It’s not WHAT you do; it’s HOW you do it!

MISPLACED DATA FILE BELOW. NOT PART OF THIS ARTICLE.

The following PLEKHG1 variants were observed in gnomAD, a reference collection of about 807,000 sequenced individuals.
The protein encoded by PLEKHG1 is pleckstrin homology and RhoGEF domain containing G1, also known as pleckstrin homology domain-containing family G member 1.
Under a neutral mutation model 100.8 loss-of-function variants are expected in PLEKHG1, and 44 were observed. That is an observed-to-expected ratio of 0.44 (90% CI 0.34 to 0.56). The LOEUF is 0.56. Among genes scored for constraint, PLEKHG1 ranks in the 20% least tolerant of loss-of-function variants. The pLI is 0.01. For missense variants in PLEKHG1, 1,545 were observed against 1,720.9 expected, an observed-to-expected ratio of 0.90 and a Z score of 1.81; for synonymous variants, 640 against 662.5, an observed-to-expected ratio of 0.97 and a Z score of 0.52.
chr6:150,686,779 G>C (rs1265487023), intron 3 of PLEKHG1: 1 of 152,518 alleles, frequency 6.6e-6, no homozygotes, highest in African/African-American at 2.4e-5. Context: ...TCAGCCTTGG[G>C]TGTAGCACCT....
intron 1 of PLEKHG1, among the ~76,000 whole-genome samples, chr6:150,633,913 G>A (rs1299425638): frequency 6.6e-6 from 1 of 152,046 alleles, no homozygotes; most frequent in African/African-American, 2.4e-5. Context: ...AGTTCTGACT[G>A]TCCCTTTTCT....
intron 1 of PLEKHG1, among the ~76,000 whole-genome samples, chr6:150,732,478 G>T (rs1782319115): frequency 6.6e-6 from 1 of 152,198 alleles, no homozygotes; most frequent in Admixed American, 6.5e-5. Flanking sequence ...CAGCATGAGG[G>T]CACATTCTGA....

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<ul><li><p>www.ohri.ca | Affiliated with Affili </p><p>ITS NOT (JUST) WHAT YOU DO, ITS (ALSO) HOW YOU DO IT! </p><p>JEREMY GRIMSHAW SENIOR SCIENTIST AND PROFESSOR KATHRYN SUH, MD, FRCPC </p><p>6TH OCT. 2016 </p><p>jgrimshaw@ohri.ca @GrimshawJeremy </p><p>mailto:jgrimshaw@ohri.ca</p></li><li><p>WHO WE ARE Dr Kathryn Suh </p><p> Medical Director, Infection Prevention and Control Program and Antimicrobial Stewardship Program, The Ottawa Hospital </p><p> Associate Professor of Medicine, University of Ottawa. </p><p>2 </p><p>Dr Jeremy Grimshaw </p><p> Senior Scientist, Ottawa Hospital Research Institute </p><p> Professor of Medicine, University of Ottawa </p></li><li><p>Affiliated with Affili </p><p> Ensuring patient safety remains a high priority for healthcare systems, organisations and providers </p><p> The Canadian Patient Safety Institute has been at the forefront of efforts to promote safety in Canadian Healthcare settings and has achieved substantial improvements in patient safety. </p><p> However, there remain substantial challenges to implement patient safety practices. </p><p> Shift to Safety, the newest program of CPSI is launching a new initiative to promote the use of behavioral approaches in patient safety initiatives. </p><p>BACKGROUND </p><p>3 </p></li><li><p>Affiliated with Affili </p><p> Successful implementation of patient safety programs needs key actors (patients, healthcare providers, managers and policy makers) to change their behaviours and/or decisions whilst working in the complex (ordered chaos) of health care environments </p><p> There is a substantial evidence base in behavioural sciences that can support the development of patient safety programs and increase the likelihood of success </p><p>BEHAVIOURAL PERSPECTIVE </p></li><li><p>Affiliated with Affili </p><p> The Ottawa Centre for Implementation Research at the Ottawa Hospital Research Institute is an interdisciplinary group that undertakes research on behavioural approaches to enhance change programs </p><p> We are partnering with CPSI to increase the Canadian capacity to use behavioral approaches to optimise change programs. </p><p>OTTAWA CENTRE FOR IMPLEMENTATION RESEARCH </p><p>5 </p></li><li><p>Affiliated with Affili </p><p> Angel Arnaout, surgery, disinvestment in cancer </p><p> Sylvain Boet, anesthesiologist, medical education </p><p> Jamie Brehaut, cognitive psychologist </p><p> Ian Graham, medical sociology </p><p> David Moher, epidemiologist, knowledge syntheses </p><p> Justin Presseau, health psychologist </p><p> Janet Squires, nursing, implementation science </p><p> Dawn Stacey, nursing shared decision making </p><p> Monica Taljaard, biostatistician </p><p> Kednapa Thavorn, health economist </p><p> Noah Ivers, family physician, implementation science (Toronto) </p><p> Holly Witteman, engineering, human factors (Quebec City) </p><p>OTTAWA CENTRE FOR IMPLEMENTATION RESEARCH </p><p>6 </p></li><li><p>DESIGNING CHANGE PROGRAMS </p></li><li><p>Who needs to do what differently? </p><p>Using a theoretical framework, which barriers and enablers need to be addressed? </p><p>Which intervention components could overcome the modifiable barriers and enhance the enablers? </p><p>How will we measure behaviour change? </p><p>DESIGNING CHANGE PROGRAMS </p></li><li><p>Who needs to do what differently? </p><p>Using a theoretical framework, which barriers and enablers need to be addressed? </p><p>Which intervention components could overcome the modifiable barriers and enhance the enablers? </p><p>How will we measure behaviour change? </p><p>DESIGNING CHANGE PROGRAMS </p></li><li><p>Affiliated with Affili </p><p> Specify behaviour using TACTA principle </p><p> Identify: What needs to be done (Action) </p><p> By whom (Actor) </p><p> To whom (Target) </p><p> Where (Context) </p><p> When (Time) </p><p>DESIGNING CHANGE PROGRAMS </p><p>10 </p></li><li><p>Affiliated with Affili </p><p> What needs to be done (Action) Hand hygiene </p><p> By whom (Actor) All health care providers </p><p> To whom (Target) </p><p> Where (Context) Clinical environments </p><p> When (Time) Four moments of hand hygiene </p><p>DESIGNING CHANGE PROGRAMS </p><p>11 </p></li><li><p>Who needs to do what differently? </p><p>Using a theoretical framework, which barriers and enablers need to be addressed? </p><p>Which intervention components could overcome the modifiable barriers and enhance the enablers? </p><p>How will we measure behaviour change? </p><p>DESIGNING IMPLEMENTATION PROGRAMS </p></li><li><p>THEORETICAL DOMAINS FRAMEWORK </p></li><li><p>THEORETICAL DOMAINS FRAMEWORK </p><p>Michie 2005 Knowledge </p><p> Skills </p><p> Social/professional role and identity </p><p> Beliefs about capabilities </p><p> Beliefs about consequences </p><p> Motivation and goals </p><p> Memory, attention and decision processes </p><p> Environmental context and resources </p><p> Social influences </p><p> Emotional regulation </p><p> Behavioural regulation </p><p> Nature of the behaviour </p></li><li><p>15 </p><p>THEORETICAL DOMAINS FRAMEWORK </p></li><li><p>THEORETICAL DOMAINS FRAMEWORK </p><p>Michie 2005 Knowledge </p><p> Skills </p><p> Social/professional role and identity </p><p> Beliefs about capabilities Beliefs about </p><p>consequences Motivation and goals </p><p> Memory, attention and decision processes </p><p> Environmental context and resources </p><p> Social influences Emotional regulation </p><p> Behavioural regulation Nature of the behaviour </p></li><li><p>Affiliated with Affili </p><p>Key beliefs: </p><p> conflicting comments about who was responsible for the test-ordering (Social/professional role and identity); </p><p> inability to cancel tests ordered by fellow physicians (Beliefs about capabilities and social influences); </p><p> problem with tests being completed before the anesthesiologists see the patient (Beliefs about capabilities and Environmental context and resources). </p><p> tests were ordered by an anesthesiologist based on who may be the attending anesthesiologist on the day of surgery while surgeons ordered tests they thought anesthesiologists may need (Social influences). </p><p>THEORETICAL DOMAINS FRAMEWORK </p><p>17 </p></li><li><p>Who needs to do what differently? </p><p>Using a theoretical framework, which barriers and enablers need to be addressed? </p><p>Which intervention components could overcome the modifiable barriers and enhance the enablers? </p><p>How will we measure behaviour change? </p><p>DESIGNING CHANGE PROGRAMS </p></li><li><p>DESIGNING IMPLEMENTATION PROGRAMS </p></li><li><p> Graded tasks - Set easy tasks, and increase difficulty until target behavior is performed. </p><p> Behavioural rehearsal/practice - Prompt the person to rehearse and repeat the behavior or preparatory behaviors </p><p>DESIGNING IMPLEMENTATION PROGRAMS </p></li><li><p>DESIGNING IMPLEMENTATION PROGRAMS </p></li><li><p>BEWARE POOR DESIGN </p></li><li><p>Affiliated with Affili </p><p>A PRACTICAL STUDY: PHYSICIAN HAND HYGIENE </p><p>25 </p><p> Healthcare-associated infections are one of the top 10 causes of hospital deaths worldwide </p><p> affect 10% of all patients in acute-care hospitals </p><p> Physician hand hygiene compliance is an international problem </p><p> Average reported compliance rate: 49-57% </p><p> Reasons for poor compliance not well understood </p></li><li><p>Affiliated with Affili </p><p>A PRACTICAL STUDY: PHYSICIAN HAND HYGIENE </p><p>26 </p></li><li><p>Affiliated with Affili </p><p>ASSESSING BARRIERS AND ENABLERS </p><p>27 </p><p> Key informant interviews with 42 staff physicians and residents in Medicine, Surgery </p><p> Two focus groups with four institutional hand hygiene experts: hand hygiene auditors, infection prevention and control professionals, and Senior Management </p><p> Observation of hand hygiene and audits on inpatient Medicine and Surgery units </p></li><li><p>Affiliated with Affili </p><p> Knowledge: I am / am not aware of hand hygiene guidelines </p><p> Skills: I have / have not had training in hand hygiene techniques </p><p> Beliefs about consequences: hand hygiene reduces transmission of infection </p><p> Memory and attention: reminders are / are not useful for hand hygiene </p><p> Social influence: others on my team do / do not influence my hand hygiene behaviour </p><p>INTERVIEW GUIDE </p><p>28 </p></li><li><p>Affiliated with Affili </p><p> Knowledge Skills Social/professional role </p><p>and identity Beliefs about </p><p>capabilities Beliefs about </p><p>consequences Motivation and goals </p><p>THEORETICAL DOMAINS FRAMEWORK Memory, attention and </p><p>decision processes Environmental context </p><p>and resources Social influences Emotional regulation </p><p> Behavioural regulation </p><p> Nature of the behaviour </p></li><li><p>Affiliated with Affili </p><p> Important TDF domains were prioritized with team input, and mapped to known effective behaviour change techniques </p><p> Intervention focused on five prioritized domains, considering feasibility in our environment, and acceptability to the actors </p><p> Knowledge; skills; beliefs about consequences; memory, attention and decision processes; social influences </p><p> Intervention delivery differed for medicine and surgery </p><p>INTERVENTION MAPPING AND DESIGN </p></li><li><p>Affiliated with Affili </p><p> Based on assessment of barriers, resources, practical aspects of implementation </p><p> Medicine: </p><p> Two slides for resident orientation </p><p> Four x 2 minute sessions during stewardship rounds </p><p> Glo GermTM demonstration </p><p> Surgery: </p><p> 10 minutes at resident half day, with Glo GermTM </p><p> 10 minutes at staff division meeting </p><p>IMPLEMENTATION </p><p>31 </p></li><li><p>EFFECTS OF INTERVENTION </p></li><li><p>Affiliated with Affili </p><p> Patient safety remains major concern in healthcare systems </p><p> Successful implementation of safety change programs requires actors to change their behaviour(s) </p><p> Insights from behavioural science can help optimise change programs and increase their likelihood of success </p><p> CPSI and the Ottawa Centre for Implementation Research at the Ottawa Hospital Research Institute are planning a program to enhance capacity to use behavioural approaches to improve patient safety </p><p>SUMMARY </p></li><li><p>Affiliated with Affili </p><p> Think about capacity development to use behavioural approaches within your group </p><p> When planning safety initiatives: Identify behaviour change needed to implement safety </p><p>procedures </p><p> Identify barriers to behaviour change preferably using behavioural theory </p><p> Consider assumptions and mechanisms to change when designing initatives </p><p>SUMMARY </p></li><li><p>jgrimshaw@ohri.ca @GrimshawJeremy </p><p>mailto:jgrimshaw@ohri.ca</p><p>Its not (just) what You Do, Its (also) How you do it!Who we arebackgroundBehavioural perspectiveOttawa centre for implementation researchOttawa centre for implementation researchDesigning change programsDesigning change PROGRAMSDesigning change PROGRAMSDesigning change programsDesigning change programsDesigning implementATION PROGRAMSTheoretical Domains FrameworkTheoretical Domains FrameworkTheoretical domains frameworkTheoretical Domains FrameworkTheoretical domains frameworkDesigning change PROGRAMSDesigning implementATION PROGRAMSSlide Number 20Designing implementATION PROGRAMSDesigning implementATION PROGRAMSSlide Number 23Beware Poor designA practical study: physician hand hygieneA practical study: Physician hand hygiene Assessing barriers and enablersInterview guideTheoretical Domains FrameworkIntervention mapping and DesignimplementationEffects of interventionSummarySummarySlide Number 35</p></li></ul>